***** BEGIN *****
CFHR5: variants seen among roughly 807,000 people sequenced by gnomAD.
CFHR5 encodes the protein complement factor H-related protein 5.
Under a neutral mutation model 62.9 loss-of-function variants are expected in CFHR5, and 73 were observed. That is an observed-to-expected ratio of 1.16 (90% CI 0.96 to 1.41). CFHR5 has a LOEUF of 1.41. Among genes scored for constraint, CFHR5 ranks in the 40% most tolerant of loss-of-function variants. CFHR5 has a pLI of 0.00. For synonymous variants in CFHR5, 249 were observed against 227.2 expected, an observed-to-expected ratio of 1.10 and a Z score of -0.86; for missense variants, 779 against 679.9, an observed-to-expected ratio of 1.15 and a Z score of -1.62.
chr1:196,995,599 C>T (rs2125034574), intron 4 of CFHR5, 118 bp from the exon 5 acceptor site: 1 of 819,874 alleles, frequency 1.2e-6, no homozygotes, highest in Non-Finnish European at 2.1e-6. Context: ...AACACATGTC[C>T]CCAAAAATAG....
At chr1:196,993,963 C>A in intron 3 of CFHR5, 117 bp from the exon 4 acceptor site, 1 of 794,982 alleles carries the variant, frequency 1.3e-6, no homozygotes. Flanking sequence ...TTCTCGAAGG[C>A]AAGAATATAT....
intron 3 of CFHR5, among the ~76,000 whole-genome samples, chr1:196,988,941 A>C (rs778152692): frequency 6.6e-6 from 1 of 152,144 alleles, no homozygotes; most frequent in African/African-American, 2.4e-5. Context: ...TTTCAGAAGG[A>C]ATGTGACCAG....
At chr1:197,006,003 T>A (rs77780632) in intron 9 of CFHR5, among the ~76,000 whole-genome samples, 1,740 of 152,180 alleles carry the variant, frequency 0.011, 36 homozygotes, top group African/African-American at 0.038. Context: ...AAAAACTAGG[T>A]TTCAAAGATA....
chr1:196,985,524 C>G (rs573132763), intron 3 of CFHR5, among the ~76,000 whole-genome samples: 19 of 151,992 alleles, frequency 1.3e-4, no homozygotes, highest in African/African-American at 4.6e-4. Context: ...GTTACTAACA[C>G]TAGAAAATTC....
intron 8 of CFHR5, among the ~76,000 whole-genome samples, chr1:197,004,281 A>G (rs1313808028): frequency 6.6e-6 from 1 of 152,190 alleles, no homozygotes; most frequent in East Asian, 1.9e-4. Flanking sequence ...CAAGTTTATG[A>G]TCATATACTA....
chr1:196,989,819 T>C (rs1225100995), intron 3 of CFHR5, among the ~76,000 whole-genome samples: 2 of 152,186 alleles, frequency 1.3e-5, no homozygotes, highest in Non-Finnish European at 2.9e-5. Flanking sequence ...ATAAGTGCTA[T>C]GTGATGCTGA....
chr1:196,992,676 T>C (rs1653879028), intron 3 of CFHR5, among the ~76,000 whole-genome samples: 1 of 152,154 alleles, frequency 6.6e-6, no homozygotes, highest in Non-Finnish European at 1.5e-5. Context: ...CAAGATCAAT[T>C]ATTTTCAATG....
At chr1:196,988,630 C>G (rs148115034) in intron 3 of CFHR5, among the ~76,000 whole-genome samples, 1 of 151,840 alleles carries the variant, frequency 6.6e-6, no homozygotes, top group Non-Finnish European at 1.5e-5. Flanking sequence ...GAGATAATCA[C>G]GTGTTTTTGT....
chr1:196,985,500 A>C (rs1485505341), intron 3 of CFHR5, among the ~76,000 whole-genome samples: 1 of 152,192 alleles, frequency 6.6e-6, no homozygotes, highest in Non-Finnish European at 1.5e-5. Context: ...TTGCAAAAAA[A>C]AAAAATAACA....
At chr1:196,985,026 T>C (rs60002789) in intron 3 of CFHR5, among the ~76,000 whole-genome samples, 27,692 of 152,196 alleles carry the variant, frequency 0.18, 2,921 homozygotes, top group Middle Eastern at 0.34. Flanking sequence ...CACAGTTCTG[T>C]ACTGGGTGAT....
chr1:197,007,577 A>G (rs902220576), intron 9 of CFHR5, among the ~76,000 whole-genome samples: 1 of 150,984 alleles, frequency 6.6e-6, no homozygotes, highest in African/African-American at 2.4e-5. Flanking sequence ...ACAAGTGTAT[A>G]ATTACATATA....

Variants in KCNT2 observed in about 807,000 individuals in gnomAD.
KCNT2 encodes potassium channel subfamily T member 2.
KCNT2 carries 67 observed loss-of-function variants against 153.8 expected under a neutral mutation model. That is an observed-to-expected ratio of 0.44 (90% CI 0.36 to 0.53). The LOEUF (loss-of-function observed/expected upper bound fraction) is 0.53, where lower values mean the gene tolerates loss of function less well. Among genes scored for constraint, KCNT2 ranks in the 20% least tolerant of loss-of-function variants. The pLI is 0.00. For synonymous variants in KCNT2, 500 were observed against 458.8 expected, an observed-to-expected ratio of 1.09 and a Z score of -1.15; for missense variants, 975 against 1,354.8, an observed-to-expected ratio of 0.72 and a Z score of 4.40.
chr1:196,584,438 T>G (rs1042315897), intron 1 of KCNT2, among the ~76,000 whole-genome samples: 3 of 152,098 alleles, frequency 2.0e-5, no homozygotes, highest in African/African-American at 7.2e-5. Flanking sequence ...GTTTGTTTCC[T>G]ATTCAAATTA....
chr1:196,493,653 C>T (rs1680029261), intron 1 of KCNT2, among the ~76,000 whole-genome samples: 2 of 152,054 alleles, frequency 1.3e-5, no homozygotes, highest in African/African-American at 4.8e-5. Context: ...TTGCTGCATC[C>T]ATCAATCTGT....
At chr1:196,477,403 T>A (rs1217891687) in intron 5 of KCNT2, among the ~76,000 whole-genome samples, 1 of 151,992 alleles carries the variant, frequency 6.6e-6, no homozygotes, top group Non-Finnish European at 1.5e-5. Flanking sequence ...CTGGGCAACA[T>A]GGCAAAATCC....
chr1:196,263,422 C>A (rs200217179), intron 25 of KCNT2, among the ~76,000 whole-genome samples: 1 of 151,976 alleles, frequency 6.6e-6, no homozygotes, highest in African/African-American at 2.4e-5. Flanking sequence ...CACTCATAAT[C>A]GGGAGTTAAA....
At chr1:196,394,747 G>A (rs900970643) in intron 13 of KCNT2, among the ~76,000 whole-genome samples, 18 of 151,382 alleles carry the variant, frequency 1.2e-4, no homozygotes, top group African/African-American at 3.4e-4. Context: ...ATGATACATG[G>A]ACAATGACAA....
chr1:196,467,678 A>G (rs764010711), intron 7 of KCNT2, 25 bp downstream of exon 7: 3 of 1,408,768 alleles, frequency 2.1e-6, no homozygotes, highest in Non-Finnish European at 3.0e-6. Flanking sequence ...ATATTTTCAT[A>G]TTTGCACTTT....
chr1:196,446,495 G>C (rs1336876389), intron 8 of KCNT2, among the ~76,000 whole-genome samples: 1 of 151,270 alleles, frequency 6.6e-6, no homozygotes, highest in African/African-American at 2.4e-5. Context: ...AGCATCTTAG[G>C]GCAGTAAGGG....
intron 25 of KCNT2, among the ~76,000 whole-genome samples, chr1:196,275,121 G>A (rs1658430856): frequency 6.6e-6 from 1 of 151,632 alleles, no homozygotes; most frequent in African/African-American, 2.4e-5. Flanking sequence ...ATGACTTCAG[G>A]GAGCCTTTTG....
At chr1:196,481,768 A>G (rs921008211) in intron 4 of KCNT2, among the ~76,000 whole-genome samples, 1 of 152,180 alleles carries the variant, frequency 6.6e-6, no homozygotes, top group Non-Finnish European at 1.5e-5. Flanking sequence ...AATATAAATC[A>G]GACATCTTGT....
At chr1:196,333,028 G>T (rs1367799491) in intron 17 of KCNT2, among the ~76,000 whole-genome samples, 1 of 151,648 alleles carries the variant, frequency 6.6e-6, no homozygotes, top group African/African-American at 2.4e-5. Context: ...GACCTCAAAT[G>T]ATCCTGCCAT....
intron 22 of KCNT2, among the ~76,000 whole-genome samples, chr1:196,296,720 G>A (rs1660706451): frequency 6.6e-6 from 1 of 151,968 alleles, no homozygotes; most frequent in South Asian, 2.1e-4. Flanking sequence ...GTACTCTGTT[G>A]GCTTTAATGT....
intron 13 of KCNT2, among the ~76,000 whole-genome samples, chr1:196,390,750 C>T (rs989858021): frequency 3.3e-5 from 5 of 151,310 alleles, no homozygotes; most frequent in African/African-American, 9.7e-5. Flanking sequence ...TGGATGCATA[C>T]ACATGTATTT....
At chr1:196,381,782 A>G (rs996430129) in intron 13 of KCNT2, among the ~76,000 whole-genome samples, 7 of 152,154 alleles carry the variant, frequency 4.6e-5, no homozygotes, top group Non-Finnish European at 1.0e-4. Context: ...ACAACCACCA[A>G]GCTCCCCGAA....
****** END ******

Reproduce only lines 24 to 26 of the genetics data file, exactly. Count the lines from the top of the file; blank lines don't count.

chr1:196,467,678 A>G (rs764010711), intron 7 of KCNT2, 25 bp downstream of exon 7: 3 of 1,408,768 alleles, frequency 2.1e-6, no homozygotes, highest in Non-Finnish European at 3.0e-6. Flanking sequence ...ATATTTTCAT[A>G]TTTGCACTTT....
chr1:196,446,495 G>C (rs1336876389), intron 8 of KCNT2, among the ~76,000 whole-genome samples: 1 of 151,270 alleles, frequency 6.6e-6, no homozygotes, highest in African/African-American at 2.4e-5. Context: ...AGCATCTTAG[G>C]GCAGTAAGGG....
intron 25 of KCNT2, among the ~76,000 whole-genome samples, chr1:196,275,121 G>A (rs1658430856): frequency 6.6e-6 from 1 of 151,632 alleles, no homozygotes; most frequent in African/African-American, 2.4e-5. Flanking sequence ...ATGACTTCAG[G>A]GAGCCTTTTG....